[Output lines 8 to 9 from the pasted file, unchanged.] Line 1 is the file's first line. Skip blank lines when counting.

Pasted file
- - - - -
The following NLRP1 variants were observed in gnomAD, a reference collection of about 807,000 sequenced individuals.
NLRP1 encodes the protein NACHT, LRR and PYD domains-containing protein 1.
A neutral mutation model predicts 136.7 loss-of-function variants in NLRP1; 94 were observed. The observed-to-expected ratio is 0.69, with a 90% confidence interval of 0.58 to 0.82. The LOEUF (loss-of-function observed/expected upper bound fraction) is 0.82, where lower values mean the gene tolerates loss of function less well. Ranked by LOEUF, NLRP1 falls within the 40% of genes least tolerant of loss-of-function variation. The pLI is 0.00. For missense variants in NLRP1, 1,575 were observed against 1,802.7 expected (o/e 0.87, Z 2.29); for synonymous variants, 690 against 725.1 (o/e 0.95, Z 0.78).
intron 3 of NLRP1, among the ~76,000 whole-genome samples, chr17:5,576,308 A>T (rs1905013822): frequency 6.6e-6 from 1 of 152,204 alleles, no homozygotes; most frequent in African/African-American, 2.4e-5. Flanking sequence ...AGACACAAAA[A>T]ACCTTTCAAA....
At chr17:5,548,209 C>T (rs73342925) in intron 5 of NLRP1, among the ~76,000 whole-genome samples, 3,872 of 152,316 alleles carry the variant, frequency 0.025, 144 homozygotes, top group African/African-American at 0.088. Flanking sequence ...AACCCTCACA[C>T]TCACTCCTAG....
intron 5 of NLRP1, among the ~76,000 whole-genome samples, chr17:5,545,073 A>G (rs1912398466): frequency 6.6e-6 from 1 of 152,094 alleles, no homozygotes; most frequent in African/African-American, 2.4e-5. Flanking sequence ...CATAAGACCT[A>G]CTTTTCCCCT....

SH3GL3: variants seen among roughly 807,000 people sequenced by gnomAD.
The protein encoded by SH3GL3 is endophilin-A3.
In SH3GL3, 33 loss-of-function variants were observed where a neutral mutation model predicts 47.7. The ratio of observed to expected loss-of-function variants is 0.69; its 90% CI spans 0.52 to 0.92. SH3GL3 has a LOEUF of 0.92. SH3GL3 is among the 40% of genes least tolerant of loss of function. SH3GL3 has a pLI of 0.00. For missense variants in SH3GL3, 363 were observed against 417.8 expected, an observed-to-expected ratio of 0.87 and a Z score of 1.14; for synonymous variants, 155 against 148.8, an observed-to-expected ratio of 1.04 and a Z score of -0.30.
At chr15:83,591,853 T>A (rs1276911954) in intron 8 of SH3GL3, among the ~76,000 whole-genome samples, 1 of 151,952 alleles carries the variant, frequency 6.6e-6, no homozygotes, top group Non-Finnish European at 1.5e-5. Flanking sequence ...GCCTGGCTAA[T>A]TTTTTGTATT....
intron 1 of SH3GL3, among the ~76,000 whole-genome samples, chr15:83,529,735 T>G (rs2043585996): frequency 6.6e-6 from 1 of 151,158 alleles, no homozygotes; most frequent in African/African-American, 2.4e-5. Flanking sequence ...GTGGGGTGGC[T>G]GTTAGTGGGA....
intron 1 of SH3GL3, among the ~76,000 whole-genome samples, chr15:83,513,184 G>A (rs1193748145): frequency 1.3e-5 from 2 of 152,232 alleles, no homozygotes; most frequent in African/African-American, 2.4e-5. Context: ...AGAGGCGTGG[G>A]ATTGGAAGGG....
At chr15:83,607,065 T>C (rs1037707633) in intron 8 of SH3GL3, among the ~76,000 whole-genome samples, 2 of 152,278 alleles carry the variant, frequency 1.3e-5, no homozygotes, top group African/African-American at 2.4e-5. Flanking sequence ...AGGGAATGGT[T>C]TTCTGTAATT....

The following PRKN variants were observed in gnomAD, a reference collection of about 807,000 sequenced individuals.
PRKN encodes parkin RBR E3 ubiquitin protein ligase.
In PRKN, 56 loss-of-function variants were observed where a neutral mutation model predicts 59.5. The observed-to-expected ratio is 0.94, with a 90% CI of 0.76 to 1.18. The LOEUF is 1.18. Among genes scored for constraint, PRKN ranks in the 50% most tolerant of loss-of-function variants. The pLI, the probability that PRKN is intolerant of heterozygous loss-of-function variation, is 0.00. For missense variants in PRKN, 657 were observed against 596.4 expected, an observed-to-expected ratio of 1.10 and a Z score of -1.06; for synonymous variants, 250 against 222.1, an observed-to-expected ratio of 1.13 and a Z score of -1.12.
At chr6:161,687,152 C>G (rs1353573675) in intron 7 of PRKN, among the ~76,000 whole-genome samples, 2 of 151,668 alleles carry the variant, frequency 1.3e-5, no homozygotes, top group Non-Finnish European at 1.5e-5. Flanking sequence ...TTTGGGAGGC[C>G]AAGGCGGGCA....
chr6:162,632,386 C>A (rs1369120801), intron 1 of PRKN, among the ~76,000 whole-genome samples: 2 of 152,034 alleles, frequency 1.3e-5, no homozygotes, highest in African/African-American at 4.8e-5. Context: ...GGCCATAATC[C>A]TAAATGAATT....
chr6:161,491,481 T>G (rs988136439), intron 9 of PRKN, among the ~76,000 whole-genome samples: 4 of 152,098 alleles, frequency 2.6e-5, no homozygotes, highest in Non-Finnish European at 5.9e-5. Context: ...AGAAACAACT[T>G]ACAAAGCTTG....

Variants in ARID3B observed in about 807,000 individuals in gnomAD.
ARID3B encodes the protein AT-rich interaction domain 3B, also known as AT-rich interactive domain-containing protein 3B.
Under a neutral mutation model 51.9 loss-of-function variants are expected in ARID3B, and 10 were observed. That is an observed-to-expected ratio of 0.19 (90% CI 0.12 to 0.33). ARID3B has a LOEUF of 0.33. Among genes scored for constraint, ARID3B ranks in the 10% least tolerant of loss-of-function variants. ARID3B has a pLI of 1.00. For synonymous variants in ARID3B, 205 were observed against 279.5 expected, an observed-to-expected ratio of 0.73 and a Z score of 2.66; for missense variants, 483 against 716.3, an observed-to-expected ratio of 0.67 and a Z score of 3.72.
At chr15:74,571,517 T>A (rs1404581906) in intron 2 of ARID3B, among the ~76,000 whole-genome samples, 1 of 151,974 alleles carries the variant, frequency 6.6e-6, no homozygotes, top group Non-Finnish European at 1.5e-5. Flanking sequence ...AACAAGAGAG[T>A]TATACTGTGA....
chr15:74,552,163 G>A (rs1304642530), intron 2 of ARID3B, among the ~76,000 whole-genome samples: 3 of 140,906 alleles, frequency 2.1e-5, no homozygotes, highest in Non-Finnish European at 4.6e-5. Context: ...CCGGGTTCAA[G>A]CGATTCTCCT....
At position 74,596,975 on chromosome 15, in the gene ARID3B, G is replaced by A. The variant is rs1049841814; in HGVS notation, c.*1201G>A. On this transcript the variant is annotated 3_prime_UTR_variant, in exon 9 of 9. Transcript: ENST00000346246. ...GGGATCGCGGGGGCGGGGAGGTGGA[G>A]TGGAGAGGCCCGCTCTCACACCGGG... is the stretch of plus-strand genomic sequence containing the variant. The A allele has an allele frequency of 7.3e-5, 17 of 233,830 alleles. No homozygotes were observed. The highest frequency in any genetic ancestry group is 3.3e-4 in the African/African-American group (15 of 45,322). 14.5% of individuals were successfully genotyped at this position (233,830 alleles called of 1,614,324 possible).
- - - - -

The protein encoded by SH3GL3 is endophilin-A3.
In SH3GL3, 33 loss-of-function variants were observed where a neutral mutation model predicts 47.7. The ratio of observed to expected loss-of-function variants is 0.69; its 90% CI spans 0.52 to 0.92. SH3GL3 has a LOEUF of 0.92. SH3GL3 is among the 40% of genes least tolerant of loss of function. SH3GL3 has a pLI of 0.00. For missense variants in SH3GL3, 363 were observed against 417.8 expected, an observed-to-expected ratio of 0.87 and a Z score of 1.14; for synonymous variants, 155 against 148.8, an observed-to-expected ratio of 1.04 and a Z score of -0.30.